How Does Blowing Your Nose Affect Rhinoplasty?
- Asked by miss.kris
- 9 months ago
How does nose blowing affect rhinoplasty? Would it have some affect on the way the shape will turn out? I'm 2 weeks post-op, and blew it a few times- not hard though. The first time I blew it was, I think 9th or 10 day post-op. Now that I have been reading answers on this site I am worried I have damaged my nose and have affected my results in a bad way, and I mean by the way it will initially take its final shape.
Post operative care of your nose
Its is unlikely that you would have changed the shape of your nose by blowing it. The main reason why surgeons advise against nose blowing is to avoid nasal bleeding. If you hold the tissue in between your nostrils and tug on it whilst your nose is healing (first 6 weeks) you could potentially jeopardise the healing. Best thing is to wash your nose with a saline solution at room temperature. Hope this helps.
Blowing nose after rhinoplasty
It really shouldn't make a huge difference. The reason we advise avoiding blowing the nose for about a week is to reduce the risk of developing a nose bleed. Otherwise, it should not have any negative impact.
How does blowing your nose affect rhinoplasty?
It is best to refrain from blowing the nose hard following rhinoplasty. In general, refraining from forcefully blowing the nose can prevent issues such as bleeding and swelling from taking place. You are not in danger of doing damage to the nose. I would recommend following up with your surgeon in regard to their guidelines.
Web reference: http://www.spaldingplasticsurgery.com/face/rhinoplasty/
Recent Rhinoplasty Reviews
How does blowing the nose affect rhinoplasty?
In general, you will want to avoid the following right after rhinoplasty surgery:
2) Excessively rubbing or picking at the nose
3) Blowing the nose forcefully
From what it sounds like, you did not overdo it with the nose blowing. In general, we recommend you avoid blowing the nose hard because this may cause the nose to bleed. In addition, you may increase your swelling. It will not affect the structure of your nose. I wouldn't worry about whether or not you did any damage. I would recommend speaking with your surgeon for piece of mind, as they will be able to provide you with advice. In addition, they may have specific guidelines they want you to follow. I hope this helps!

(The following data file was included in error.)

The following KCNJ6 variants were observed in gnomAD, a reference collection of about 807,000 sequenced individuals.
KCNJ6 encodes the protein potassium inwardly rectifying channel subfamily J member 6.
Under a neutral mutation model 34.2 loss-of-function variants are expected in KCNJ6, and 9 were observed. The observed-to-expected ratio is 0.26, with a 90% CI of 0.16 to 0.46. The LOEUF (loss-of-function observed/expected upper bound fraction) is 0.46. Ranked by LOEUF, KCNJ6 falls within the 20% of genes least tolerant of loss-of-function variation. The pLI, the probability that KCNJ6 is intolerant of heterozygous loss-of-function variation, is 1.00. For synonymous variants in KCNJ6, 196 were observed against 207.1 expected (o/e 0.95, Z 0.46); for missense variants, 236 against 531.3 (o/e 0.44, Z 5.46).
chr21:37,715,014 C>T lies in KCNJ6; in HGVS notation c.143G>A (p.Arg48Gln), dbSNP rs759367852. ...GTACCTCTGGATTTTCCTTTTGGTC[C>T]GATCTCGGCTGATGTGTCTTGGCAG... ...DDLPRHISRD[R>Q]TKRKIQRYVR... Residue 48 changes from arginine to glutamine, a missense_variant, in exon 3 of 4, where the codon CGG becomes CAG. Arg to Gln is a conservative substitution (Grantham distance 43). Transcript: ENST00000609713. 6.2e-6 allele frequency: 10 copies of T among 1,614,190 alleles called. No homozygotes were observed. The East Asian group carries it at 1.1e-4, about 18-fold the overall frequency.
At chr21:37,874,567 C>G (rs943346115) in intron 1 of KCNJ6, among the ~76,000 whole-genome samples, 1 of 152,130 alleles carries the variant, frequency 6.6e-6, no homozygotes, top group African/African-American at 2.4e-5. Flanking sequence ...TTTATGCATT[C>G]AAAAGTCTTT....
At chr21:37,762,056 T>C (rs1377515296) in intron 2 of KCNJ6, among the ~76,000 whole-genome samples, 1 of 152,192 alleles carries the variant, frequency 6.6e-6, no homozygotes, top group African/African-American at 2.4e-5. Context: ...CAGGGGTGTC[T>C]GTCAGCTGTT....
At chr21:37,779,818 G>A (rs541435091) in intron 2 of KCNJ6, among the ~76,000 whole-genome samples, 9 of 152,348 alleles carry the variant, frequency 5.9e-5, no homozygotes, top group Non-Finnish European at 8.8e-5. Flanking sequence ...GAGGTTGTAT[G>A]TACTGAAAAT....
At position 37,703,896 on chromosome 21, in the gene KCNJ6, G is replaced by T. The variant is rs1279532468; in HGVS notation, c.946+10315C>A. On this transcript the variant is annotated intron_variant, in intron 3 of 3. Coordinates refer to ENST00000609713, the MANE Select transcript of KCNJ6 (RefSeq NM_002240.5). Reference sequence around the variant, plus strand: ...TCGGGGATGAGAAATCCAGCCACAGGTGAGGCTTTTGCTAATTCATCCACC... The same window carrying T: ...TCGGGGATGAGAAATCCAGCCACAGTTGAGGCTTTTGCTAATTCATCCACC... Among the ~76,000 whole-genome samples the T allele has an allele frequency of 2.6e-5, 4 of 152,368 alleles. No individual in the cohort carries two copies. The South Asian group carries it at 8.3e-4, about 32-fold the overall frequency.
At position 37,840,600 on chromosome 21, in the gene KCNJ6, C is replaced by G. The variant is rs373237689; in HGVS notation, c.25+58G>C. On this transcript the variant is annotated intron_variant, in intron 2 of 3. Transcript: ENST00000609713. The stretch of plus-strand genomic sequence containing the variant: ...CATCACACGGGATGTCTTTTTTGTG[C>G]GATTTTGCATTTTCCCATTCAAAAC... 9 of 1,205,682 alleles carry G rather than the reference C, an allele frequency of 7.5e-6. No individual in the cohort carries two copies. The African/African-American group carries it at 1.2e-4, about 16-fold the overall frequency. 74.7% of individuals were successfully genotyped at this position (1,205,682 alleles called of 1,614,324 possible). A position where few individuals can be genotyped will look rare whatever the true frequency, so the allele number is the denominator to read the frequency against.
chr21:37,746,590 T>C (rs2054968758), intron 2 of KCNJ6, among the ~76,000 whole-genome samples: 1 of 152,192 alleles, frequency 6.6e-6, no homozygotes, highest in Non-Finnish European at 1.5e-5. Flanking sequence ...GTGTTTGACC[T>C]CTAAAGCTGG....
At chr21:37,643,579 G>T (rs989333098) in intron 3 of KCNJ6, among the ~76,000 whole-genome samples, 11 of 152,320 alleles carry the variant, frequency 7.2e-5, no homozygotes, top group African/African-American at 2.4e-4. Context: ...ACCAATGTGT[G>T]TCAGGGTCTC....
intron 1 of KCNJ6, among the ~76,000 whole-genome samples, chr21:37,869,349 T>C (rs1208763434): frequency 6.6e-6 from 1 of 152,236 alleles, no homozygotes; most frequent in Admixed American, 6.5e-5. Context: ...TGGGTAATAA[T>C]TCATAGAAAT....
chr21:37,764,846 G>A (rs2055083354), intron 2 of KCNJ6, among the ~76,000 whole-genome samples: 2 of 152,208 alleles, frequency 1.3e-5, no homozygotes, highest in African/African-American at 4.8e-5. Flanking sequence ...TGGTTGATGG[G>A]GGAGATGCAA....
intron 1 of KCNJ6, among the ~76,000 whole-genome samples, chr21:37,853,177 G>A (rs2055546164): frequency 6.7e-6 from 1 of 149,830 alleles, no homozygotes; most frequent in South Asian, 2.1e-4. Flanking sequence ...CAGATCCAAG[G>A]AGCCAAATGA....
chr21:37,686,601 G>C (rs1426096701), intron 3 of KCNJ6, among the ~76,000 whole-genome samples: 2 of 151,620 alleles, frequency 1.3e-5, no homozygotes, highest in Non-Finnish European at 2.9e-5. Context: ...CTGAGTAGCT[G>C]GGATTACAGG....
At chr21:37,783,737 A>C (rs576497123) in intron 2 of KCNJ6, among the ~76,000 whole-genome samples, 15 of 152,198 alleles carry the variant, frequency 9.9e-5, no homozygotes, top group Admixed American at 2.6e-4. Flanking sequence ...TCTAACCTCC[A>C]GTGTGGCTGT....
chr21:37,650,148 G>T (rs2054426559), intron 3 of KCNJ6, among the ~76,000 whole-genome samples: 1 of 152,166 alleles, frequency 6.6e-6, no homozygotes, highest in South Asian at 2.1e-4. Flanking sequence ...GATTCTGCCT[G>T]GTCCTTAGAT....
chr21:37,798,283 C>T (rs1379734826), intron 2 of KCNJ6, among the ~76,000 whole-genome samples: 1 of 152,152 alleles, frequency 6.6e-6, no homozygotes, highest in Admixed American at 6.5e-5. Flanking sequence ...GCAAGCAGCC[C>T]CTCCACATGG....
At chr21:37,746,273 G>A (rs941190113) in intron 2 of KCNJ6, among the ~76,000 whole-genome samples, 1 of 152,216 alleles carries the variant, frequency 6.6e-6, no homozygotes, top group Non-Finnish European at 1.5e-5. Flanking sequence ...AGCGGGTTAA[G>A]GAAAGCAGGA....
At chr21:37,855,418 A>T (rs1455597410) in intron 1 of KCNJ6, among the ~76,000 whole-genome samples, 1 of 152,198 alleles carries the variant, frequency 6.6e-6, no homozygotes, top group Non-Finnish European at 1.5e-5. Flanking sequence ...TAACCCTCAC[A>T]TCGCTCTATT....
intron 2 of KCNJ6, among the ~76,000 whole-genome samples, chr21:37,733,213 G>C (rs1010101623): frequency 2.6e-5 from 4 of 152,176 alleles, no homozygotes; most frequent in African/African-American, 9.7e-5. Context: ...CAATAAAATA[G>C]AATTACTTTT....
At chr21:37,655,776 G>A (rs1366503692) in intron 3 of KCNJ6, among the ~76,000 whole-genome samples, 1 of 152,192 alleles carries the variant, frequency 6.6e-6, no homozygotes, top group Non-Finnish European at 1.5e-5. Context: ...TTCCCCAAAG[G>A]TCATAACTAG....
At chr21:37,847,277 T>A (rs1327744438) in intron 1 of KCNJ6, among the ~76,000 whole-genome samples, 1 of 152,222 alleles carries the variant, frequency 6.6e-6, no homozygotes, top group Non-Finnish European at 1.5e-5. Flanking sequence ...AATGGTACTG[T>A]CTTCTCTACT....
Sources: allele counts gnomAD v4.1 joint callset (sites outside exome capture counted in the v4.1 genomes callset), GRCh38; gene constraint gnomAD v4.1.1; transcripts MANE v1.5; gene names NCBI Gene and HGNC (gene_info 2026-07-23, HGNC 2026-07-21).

Blowing Your Nose After Rhinoplasty #nosejob
You do want to be careful early on but it is unlikely that you will harm things by blowing gently. When I had my surgery I sneezed a few times and it was all fine. Use good saline nasal spray for a while. It will keep your airway moist.
Blowing your nose after rhinoplasty surgery
Blowing your nose in a careful and gentle fashion is permissible after most rhinoplasty surgerys once any packing that may have been placed was removed. The most common problem that may arise from nose blowing after rhinoplasty surgery is postoperative bleeding. Unless you are vigorous or wipe too hard, it is unlikely that any longterm damage will be done. You should definitely discuss this with your surgeon though, because every rhinoplasty is slightly different and there may be cause for concern depending on the fragility of the repair.
Blowing nose after rhinoplasty
I usually have patients wait 3 weeks before blowing their nose. I allow them to gengtly use q-tips to clean nose after the nasal splint is removed.
Blowing Nose after Rhinoplasty
The main risk associated with blowing the nose within the first 2 weeks after rhinoplasty would be bleeding. Kenneth Hughes, MD Los Angeles, CA
Web reference: http://www.hughesplasticsurgery.com/Rhinoplasty.php
Sneezing and nose blowing after rhinoplasty
Typically, there should be no harm in blowing your nose or sneezing after a rhinoplasty procedure unless you rub your nose very hard. The biggest risk is bleeding which could be an issue but after two weeks even this is unlikely.
These answers are for educational purposes and should not be relied upon as a substitute for medical advice you may receive from your physician. If you have a medical emergency, please call 911. These answers do not constitute or initiate a patient/doctor relationship.